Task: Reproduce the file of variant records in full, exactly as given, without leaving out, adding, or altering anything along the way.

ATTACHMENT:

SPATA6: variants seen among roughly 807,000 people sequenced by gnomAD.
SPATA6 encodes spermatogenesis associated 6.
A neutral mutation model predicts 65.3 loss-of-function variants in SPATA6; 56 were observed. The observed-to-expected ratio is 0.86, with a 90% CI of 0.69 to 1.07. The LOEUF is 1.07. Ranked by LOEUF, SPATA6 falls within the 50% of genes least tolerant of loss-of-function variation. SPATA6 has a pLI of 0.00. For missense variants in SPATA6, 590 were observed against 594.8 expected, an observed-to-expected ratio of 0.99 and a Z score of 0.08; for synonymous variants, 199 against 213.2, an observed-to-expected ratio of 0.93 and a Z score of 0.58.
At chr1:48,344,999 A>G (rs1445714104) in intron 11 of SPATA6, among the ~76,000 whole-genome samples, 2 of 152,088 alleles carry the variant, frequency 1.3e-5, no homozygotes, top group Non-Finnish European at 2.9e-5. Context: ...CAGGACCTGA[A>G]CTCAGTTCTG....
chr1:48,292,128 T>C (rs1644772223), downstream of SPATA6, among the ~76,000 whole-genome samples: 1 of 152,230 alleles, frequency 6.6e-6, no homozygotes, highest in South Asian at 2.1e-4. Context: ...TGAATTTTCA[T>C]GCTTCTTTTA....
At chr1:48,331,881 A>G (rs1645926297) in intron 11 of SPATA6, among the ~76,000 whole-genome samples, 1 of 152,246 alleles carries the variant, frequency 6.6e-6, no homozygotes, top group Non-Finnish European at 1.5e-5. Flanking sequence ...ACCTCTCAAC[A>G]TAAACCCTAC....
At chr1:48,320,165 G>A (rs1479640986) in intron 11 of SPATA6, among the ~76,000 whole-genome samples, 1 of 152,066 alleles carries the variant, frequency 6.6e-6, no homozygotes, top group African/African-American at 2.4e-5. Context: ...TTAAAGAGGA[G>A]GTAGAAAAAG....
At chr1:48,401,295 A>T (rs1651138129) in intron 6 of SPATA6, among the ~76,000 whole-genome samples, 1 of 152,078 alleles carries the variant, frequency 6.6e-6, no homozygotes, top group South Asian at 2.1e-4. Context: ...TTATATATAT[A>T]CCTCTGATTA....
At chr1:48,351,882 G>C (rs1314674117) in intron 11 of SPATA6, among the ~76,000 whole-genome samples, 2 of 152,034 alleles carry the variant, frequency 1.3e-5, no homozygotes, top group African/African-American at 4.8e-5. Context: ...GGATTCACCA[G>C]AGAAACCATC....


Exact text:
SPATA6: variants seen among roughly 807,000 people sequenced by gnomAD.
SPATA6 encodes spermatogenesis associated 6.
A neutral mutation model predicts 65.3 loss-of-function variants in SPATA6; 56 were observed. The observed-to-expected ratio is 0.86, with a 90% CI of 0.69 to 1.07. The LOEUF is 1.07. Ranked by LOEUF, SPATA6 falls within the 50% of genes least tolerant of loss-of-function variation. SPATA6 has a pLI of 0.00. For missense variants in SPATA6, 590 were observed against 594.8 expected, an observed-to-expected ratio of 0.99 and a Z score of 0.08; for synonymous variants, 199 against 213.2, an observed-to-expected ratio of 0.93 and a Z score of 0.58.
At chr1:48,344,999 A>G (rs1445714104) in intron 11 of SPATA6, among the ~76,000 whole-genome samples, 2 of 152,088 alleles carry the variant, frequency 1.3e-5, no homozygotes, top group Non-Finnish European at 2.9e-5. Context: ...CAGGACCTGA[A>G]CTCAGTTCTG....
chr1:48,292,128 T>C (rs1644772223), downstream of SPATA6, among the ~76,000 whole-genome samples: 1 of 152,230 alleles, frequency 6.6e-6, no homozygotes, highest in South Asian at 2.1e-4. Context: ...TGAATTTTCA[T>C]GCTTCTTTTA....
At chr1:48,331,881 A>G (rs1645926297) in intron 11 of SPATA6, among the ~76,000 whole-genome samples, 1 of 152,246 alleles carries the variant, frequency 6.6e-6, no homozygotes, top group Non-Finnish European at 1.5e-5. Flanking sequence ...ACCTCTCAAC[A>G]TAAACCCTAC....
At chr1:48,320,165 G>A (rs1479640986) in intron 11 of SPATA6, among the ~76,000 whole-genome samples, 1 of 152,066 alleles carries the variant, frequency 6.6e-6, no homozygotes, top group African/African-American at 2.4e-5. Context: ...TTAAAGAGGA[G>A]GTAGAAAAAG....
At chr1:48,401,295 A>T (rs1651138129) in intron 6 of SPATA6, among the ~76,000 whole-genome samples, 1 of 152,078 alleles carries the variant, frequency 6.6e-6, no homozygotes, top group South Asian at 2.1e-4. Context: ...TTATATATAT[A>T]CCTCTGATTA....
At chr1:48,351,882 G>C (rs1314674117) in intron 11 of SPATA6, among the ~76,000 whole-genome samples, 2 of 152,034 alleles carry the variant, frequency 1.3e-5, no homozygotes, top group African/African-American at 4.8e-5. Context: ...GGATTCACCA[G>C]AGAAACCATC....